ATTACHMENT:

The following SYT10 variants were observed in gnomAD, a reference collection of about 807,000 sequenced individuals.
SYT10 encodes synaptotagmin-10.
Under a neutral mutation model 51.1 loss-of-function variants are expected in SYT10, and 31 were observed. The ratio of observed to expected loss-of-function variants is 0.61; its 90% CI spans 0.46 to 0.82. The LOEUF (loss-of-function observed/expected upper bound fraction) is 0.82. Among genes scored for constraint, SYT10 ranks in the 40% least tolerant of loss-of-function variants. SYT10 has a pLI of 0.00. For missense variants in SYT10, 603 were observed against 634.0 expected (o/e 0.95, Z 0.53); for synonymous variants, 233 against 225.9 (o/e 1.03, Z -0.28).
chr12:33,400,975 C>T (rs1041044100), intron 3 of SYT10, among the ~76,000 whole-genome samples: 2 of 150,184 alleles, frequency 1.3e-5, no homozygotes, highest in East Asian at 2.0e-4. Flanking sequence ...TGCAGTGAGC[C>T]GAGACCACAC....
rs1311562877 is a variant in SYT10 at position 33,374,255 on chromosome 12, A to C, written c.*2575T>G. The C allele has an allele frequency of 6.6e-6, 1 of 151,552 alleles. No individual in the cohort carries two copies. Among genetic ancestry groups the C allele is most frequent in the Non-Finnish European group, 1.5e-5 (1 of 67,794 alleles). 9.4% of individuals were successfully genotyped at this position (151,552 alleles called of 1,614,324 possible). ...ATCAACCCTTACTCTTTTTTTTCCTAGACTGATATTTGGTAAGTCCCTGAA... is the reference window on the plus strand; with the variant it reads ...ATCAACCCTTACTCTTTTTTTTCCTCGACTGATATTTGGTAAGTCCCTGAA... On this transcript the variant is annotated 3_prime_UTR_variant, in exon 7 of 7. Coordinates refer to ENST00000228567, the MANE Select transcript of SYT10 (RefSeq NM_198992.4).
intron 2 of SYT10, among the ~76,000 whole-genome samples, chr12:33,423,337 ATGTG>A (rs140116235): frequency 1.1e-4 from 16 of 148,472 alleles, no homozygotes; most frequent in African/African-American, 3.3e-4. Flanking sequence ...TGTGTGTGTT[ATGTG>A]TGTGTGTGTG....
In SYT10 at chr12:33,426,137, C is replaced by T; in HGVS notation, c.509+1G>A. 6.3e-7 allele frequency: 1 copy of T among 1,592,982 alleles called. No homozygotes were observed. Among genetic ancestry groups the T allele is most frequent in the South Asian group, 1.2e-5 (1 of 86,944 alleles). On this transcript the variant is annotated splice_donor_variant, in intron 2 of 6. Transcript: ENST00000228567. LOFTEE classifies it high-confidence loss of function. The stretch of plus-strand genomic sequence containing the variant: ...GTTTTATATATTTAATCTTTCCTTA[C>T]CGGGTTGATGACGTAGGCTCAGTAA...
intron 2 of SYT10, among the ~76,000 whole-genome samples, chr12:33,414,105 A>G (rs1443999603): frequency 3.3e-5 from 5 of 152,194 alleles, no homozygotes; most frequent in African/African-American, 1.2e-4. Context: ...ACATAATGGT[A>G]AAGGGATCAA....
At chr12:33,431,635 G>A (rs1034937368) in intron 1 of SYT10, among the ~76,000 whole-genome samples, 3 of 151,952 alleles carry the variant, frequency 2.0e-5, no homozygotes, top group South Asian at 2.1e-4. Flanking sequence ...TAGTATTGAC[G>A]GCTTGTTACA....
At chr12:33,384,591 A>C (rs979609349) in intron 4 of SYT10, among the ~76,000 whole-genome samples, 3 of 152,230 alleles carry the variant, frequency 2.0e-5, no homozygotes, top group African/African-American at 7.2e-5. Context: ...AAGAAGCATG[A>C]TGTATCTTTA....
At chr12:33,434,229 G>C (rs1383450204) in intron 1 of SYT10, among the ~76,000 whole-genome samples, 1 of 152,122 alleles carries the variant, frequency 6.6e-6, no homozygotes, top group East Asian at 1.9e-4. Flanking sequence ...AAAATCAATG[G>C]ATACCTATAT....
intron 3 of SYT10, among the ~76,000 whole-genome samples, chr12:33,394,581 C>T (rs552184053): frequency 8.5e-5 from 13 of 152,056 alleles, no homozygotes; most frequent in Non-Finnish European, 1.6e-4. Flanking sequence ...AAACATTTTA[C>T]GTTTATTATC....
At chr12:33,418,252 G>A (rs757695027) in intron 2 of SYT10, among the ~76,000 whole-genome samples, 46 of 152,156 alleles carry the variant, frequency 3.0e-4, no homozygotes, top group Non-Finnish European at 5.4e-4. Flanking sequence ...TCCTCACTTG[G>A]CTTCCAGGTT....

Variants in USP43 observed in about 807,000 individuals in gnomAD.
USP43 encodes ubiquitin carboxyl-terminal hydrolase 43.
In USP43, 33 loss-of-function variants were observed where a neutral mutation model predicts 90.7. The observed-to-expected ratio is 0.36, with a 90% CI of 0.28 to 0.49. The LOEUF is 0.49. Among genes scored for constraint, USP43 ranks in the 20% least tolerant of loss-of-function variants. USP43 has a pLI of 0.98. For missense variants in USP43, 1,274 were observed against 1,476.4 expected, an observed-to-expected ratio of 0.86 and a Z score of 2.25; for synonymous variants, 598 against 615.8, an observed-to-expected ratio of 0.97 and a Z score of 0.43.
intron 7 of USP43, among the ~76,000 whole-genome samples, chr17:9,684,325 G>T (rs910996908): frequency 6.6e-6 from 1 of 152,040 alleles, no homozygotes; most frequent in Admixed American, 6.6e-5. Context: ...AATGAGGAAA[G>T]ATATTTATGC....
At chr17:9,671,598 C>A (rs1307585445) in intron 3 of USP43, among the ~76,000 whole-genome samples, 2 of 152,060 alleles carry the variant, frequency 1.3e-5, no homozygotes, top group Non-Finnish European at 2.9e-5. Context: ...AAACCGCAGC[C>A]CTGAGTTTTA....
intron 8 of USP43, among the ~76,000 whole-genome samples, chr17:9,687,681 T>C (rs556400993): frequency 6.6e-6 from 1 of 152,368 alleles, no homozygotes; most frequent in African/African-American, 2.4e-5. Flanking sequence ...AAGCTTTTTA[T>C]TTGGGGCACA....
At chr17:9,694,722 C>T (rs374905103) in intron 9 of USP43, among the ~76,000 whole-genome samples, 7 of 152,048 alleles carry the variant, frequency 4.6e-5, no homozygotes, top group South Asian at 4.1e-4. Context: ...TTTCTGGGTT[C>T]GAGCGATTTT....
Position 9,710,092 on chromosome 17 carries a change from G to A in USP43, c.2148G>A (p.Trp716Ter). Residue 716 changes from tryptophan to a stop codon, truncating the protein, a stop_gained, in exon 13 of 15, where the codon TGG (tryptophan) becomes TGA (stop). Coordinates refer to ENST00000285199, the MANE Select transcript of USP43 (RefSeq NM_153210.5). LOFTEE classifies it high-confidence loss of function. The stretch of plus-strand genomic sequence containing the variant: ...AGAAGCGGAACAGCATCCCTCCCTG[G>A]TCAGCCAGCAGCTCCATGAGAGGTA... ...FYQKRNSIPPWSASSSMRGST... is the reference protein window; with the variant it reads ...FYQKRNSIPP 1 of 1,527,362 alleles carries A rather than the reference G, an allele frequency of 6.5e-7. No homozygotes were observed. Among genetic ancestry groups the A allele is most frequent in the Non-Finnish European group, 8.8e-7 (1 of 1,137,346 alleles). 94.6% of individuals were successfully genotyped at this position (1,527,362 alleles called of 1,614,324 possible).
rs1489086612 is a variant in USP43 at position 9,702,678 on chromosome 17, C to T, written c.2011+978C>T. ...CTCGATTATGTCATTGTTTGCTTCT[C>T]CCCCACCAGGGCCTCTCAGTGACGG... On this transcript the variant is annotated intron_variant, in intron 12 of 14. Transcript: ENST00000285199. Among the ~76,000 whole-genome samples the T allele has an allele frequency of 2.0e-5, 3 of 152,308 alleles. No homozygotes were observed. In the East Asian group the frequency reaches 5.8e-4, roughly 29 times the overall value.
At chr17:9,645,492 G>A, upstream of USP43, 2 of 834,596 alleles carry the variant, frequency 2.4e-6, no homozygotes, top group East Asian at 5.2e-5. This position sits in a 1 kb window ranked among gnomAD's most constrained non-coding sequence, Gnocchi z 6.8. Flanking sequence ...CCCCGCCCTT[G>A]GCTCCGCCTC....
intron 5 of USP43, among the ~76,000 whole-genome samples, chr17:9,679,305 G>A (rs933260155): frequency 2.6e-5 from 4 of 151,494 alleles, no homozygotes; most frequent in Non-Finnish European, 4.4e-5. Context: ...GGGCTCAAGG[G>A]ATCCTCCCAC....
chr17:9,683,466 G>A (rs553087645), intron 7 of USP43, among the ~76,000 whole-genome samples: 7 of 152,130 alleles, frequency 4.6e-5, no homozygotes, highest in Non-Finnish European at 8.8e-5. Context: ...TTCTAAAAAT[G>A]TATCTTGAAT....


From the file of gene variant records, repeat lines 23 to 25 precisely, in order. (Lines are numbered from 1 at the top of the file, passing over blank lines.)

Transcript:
At chr17:9,645,492 G>A, upstream of USP43, 2 of 834,596 alleles carry the variant, frequency 2.4e-6, no homozygotes, top group East Asian at 5.2e-5. This position sits in a 1 kb window ranked among gnomAD's most constrained non-coding sequence, Gnocchi z 6.8. Flanking sequence ...CCCCGCCCTT[G>A]GCTCCGCCTC....
intron 5 of USP43, among the ~76,000 whole-genome samples, chr17:9,679,305 G>A (rs933260155): frequency 2.6e-5 from 4 of 151,494 alleles, no homozygotes; most frequent in Non-Finnish European, 4.4e-5. Context: ...GGGCTCAAGG[G>A]ATCCTCCCAC....
chr17:9,683,466 G>A (rs553087645), intron 7 of USP43, among the ~76,000 whole-genome samples: 7 of 152,130 alleles, frequency 4.6e-5, no homozygotes, highest in Non-Finnish European at 8.8e-5. Context: ...TTCTAAAAAT[G>A]TATCTTGAAT....